Remembering Yitzhak Rabin z”l

On November 2, 2010 the Embassy of Israel held its official public observance of the 15th anniversary of the death of Prime Minister Yitzhak Rabin at the 16th Street J with a screening of Rabin: Shivah in November. Prior to the film Dan Arbell, the Deputy Chief of Mission for the Embassy delivered these remarks.

Yitzhak RabinThank you all for coming tonight to this memorial. Every year since Rabin’s untimely death, we have held a service in his honor at our Embassy. For me, it has always been a very personal experience commemorating a profound loss that I thought of as uniquely Israeli.  Rabin’s death was an isolating experience – one I felt we should share internally among our citizens. However, I have come to understand that this tragedy was not solely ours. I realize that it was a loss for the Jewish people, as a whole. So, I want to thank the Washington, DC JCC Film program for this night – it is comforting to come together as a community and mourn our collective loss. If you would, please join me for a minute of silence in honor of the late Prime Minister Yitzchak Rabin. 


For as long as I can remember, Rabin was a national figure for the Israeli people. Even in my childhood, I recall singing songs about his achievements, and he was looked up to by virtually everyone. As I progressed in my career, I had the opportunity to meet and work alongside him on many occasions. I feel fortunate to have many memories of this much revered man, but one stands out in my mind. It was 15 years ago and we were in the Rotunda room of the Capitol building here in Washington, DC. It was a Conference of Presidents event to commemorate 3000 years of Jerusalem as our capital. I remember singing the Hatikva –in the US capitol. The weight of this moment was not lost on me.

As an Israeli and as a Jew, to sing a song of our hope – our national anthem – here in the midst of the most powerful country on earth was overwhelming there are no words to describe the inspiration I felt. Rabin was there – the previous months and days prior to this, he had been through a series of what I am sure were soul searching meetings in Israel’s new hope – our hope for peace.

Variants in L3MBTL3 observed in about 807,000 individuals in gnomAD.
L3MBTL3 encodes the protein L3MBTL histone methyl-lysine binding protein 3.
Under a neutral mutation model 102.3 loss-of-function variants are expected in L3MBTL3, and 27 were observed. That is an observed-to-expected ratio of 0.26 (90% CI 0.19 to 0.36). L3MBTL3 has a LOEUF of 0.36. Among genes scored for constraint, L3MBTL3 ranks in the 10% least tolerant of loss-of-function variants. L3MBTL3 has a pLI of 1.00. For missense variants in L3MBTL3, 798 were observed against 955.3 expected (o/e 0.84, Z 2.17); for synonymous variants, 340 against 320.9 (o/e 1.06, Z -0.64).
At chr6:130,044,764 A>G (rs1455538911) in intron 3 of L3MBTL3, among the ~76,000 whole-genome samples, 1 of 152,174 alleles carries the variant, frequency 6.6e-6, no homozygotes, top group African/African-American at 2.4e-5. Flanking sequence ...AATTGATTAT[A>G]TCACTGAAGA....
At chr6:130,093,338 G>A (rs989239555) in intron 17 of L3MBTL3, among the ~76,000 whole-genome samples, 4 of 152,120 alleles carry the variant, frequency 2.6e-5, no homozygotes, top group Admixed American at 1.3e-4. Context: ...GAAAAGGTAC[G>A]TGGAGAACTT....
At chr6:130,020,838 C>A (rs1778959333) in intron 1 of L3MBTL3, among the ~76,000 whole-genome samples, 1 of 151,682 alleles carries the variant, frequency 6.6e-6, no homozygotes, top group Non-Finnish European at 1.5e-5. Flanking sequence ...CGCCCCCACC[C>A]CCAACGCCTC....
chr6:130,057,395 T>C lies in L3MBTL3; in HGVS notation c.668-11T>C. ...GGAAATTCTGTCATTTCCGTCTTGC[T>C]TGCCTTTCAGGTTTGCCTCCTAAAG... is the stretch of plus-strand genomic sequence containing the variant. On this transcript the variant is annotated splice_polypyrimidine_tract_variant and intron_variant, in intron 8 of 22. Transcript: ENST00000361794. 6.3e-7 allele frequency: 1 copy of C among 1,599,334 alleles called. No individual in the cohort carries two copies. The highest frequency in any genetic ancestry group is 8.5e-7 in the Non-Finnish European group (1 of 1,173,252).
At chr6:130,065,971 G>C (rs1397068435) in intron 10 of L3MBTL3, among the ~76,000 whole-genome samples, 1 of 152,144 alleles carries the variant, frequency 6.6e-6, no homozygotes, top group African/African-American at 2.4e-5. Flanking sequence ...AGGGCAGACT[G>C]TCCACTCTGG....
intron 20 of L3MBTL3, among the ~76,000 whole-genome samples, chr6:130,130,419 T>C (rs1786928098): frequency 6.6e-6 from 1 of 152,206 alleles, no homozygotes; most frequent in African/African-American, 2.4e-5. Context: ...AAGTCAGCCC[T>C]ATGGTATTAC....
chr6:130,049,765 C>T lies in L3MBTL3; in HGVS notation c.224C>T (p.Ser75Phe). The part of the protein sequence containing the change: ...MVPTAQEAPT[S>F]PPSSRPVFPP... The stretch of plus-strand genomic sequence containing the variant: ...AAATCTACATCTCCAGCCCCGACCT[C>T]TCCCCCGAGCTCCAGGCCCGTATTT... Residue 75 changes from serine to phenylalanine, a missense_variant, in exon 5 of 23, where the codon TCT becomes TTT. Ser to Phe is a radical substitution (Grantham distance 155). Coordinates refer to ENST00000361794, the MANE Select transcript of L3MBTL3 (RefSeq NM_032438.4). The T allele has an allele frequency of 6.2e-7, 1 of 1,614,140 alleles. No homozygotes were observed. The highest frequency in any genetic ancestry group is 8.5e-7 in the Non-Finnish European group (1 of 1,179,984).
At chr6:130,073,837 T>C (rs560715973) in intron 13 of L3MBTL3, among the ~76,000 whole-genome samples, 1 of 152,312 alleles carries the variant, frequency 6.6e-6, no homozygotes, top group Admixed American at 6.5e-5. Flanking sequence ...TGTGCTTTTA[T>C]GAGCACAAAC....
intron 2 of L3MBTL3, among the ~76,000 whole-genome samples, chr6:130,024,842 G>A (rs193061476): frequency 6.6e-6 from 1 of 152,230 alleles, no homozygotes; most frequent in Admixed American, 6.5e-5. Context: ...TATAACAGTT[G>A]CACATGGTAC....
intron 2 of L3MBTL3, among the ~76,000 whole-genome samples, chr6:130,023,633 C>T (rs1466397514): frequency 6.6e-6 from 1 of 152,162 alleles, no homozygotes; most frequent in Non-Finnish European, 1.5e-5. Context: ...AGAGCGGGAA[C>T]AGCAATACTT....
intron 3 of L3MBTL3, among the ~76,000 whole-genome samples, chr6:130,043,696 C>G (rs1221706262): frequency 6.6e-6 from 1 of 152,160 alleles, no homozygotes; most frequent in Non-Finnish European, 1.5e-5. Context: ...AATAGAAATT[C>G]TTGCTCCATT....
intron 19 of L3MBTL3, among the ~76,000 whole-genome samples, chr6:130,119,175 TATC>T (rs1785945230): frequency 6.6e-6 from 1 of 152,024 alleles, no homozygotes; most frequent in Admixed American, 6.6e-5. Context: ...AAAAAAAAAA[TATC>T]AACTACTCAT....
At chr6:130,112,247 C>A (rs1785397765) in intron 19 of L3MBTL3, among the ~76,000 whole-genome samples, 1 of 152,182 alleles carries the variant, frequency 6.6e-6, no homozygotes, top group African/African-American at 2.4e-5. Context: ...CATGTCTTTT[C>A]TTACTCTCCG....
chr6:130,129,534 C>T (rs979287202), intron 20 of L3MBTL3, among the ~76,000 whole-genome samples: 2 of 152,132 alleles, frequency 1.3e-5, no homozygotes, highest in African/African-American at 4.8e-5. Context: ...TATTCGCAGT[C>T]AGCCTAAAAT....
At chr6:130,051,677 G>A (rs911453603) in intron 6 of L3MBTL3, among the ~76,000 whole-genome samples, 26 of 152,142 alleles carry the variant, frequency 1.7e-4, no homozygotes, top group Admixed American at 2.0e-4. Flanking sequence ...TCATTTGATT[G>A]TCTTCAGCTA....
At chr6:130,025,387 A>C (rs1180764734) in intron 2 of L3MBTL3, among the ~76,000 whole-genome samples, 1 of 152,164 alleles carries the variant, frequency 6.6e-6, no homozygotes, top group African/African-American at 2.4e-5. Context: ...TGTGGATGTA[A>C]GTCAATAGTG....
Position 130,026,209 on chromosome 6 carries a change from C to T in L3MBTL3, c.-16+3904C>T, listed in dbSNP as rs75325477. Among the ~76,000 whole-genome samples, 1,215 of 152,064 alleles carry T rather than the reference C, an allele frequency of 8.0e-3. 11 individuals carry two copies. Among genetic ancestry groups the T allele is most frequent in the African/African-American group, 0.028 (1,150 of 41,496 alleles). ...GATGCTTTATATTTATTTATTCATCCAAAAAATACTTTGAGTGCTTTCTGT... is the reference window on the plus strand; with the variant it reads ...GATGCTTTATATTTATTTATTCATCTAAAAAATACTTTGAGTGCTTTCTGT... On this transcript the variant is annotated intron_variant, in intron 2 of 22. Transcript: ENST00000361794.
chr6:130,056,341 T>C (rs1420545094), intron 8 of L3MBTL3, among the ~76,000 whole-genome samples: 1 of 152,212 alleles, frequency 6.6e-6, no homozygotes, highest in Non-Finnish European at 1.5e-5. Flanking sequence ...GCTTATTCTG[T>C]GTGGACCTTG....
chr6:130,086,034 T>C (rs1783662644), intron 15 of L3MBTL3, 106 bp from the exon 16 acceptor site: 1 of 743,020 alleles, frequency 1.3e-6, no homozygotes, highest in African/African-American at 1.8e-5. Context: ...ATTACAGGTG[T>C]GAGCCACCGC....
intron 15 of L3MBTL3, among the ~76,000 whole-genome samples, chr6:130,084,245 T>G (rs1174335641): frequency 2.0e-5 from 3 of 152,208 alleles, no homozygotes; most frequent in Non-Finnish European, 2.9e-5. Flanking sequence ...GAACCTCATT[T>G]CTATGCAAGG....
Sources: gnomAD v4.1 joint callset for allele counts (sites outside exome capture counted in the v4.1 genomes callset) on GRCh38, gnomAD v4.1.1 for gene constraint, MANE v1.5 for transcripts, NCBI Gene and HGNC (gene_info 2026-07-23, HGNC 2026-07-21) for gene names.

9 days later, the country was stunned. The shock was palpable around the world. Here in America, people remember where they were when Kennedy was shot. Israelis remember where they were when Rabin was shot. In fact, I was watching a film that to this day, I have not been able to bring myself to watch the ending of.

For those who did not know him, it is important to understand that he was not an ordinary man. The first Prime Minister of Israel to actually be born in our homeland, he was known as “Mr. Security”. With an illustrious career, he served as a general, the Chief of Staff for the IDF, Ambassador to the US, Minister of Defense, and was elected twice as our Prime Minister.  He embodied the ideal of ultimate Sabra – the ultimate Israeli. Despite being shy, he knew how to get down to business and get things done. Truly an introvert, he felt a tremendous duty to civic service.  The eloquence of his approach was his steadfast and unrelenting protection of Israel, combined with a humane gentleness, which he carried with him always. He felt deeply and never took his responsibilities lightly. He carried a heavy heart, which anyone who came into contact with him could openly see.  His blend of strength of purpose and optimism was epitomized in a speech he made to Congress following the peace agreement signed with Jordan, he stated,  “I, Military ID # 30743, Retired General in the Israeli Defense Forces, consider myself to be a soldier in the army of peace… Today we are embarking on a battle which has no dead and no wounded, no blood and no anguish. This is the only battle which is a pleasure to wage: the battle of peace.” This was a profound statement that touched me deeply and I recall the standing ovation he received that strengthened my own resolve to work on Israel’s behalf.

In Israel, we still have not come to terms with Rabin’s assassination. To have him killed by one of our own is a wound that 15 years later is still open. But, if Rabin leaves us with anything, he leaves us with the most unlikely of thoughts. He leaves us with Tikva – hope — his courage – the courage to try a different path. To try to work with your enemy because the price of defending against them seems too high – the sacrifice too great — is an act of great courage, befitting such a great man.

In 1993, as Rabin signed the Oslo Declaration of Principles, he reinforced his optimism, “Enough of blood and tears. Enough. We are today giving peace a chance.” In fact, I will never forget the tense moment when it came time for Rabin to shake hands with Arafat on the White House lawn. I could see his contemplation, and indeed, Rabin hesitated, but shook his hand, committing himself to the principles he was indeed signing. A moment later, the applause was deafening. Even if he was unsure that this was the answer, he had the strength to explore this alternate route. And sometimes in vulnerability, there is strength.

Rabin’s life-long dedication to Israel created a trust in him that enabled Israelis to have the courage to pursue a more challenging path.  He came to believe that the way to defeat war was peace. What Rabin searched for in his life, we continue to seek to this day… Israel’s ultimate and long lasting peace and security, and for that we have Tikva.

Blessed be his memory…

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